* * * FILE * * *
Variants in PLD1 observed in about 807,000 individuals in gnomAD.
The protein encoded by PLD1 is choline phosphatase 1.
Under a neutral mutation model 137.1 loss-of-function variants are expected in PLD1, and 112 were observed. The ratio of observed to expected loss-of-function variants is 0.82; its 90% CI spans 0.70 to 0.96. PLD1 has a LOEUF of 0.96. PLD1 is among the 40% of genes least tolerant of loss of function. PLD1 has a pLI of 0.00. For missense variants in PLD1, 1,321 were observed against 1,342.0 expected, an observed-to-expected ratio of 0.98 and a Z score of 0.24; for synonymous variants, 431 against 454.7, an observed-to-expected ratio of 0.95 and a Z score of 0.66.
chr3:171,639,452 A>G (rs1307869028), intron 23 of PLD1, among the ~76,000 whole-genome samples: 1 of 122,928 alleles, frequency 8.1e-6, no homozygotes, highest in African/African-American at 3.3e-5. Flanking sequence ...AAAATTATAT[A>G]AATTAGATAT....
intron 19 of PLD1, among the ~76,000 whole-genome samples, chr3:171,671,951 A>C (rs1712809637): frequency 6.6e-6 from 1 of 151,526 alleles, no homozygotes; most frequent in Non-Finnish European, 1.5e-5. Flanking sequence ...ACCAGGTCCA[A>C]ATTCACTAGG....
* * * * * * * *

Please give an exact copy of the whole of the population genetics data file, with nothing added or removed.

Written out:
Variants in PLD1 observed in about 807,000 individuals in gnomAD.
The protein encoded by PLD1 is choline phosphatase 1.
Under a neutral mutation model 137.1 loss-of-function variants are expected in PLD1, and 112 were observed. The ratio of observed to expected loss-of-function variants is 0.82; its 90% CI spans 0.70 to 0.96. PLD1 has a LOEUF of 0.96. PLD1 is among the 40% of genes least tolerant of loss of function. PLD1 has a pLI of 0.00. For missense variants in PLD1, 1,321 were observed against 1,342.0 expected, an observed-to-expected ratio of 0.98 and a Z score of 0.24; for synonymous variants, 431 against 454.7, an observed-to-expected ratio of 0.95 and a Z score of 0.66.
chr3:171,639,452 A>G (rs1307869028), intron 23 of PLD1, among the ~76,000 whole-genome samples: 1 of 122,928 alleles, frequency 8.1e-6, no homozygotes, highest in African/African-American at 3.3e-5. Flanking sequence ...AAAATTATAT[A>G]AATTAGATAT....
intron 19 of PLD1, among the ~76,000 whole-genome samples, chr3:171,671,951 A>C (rs1712809637): frequency 6.6e-6 from 1 of 151,526 alleles, no homozygotes; most frequent in Non-Finnish European, 1.5e-5. Flanking sequence ...ACCAGGTCCA[A>C]ATTCACTAGG....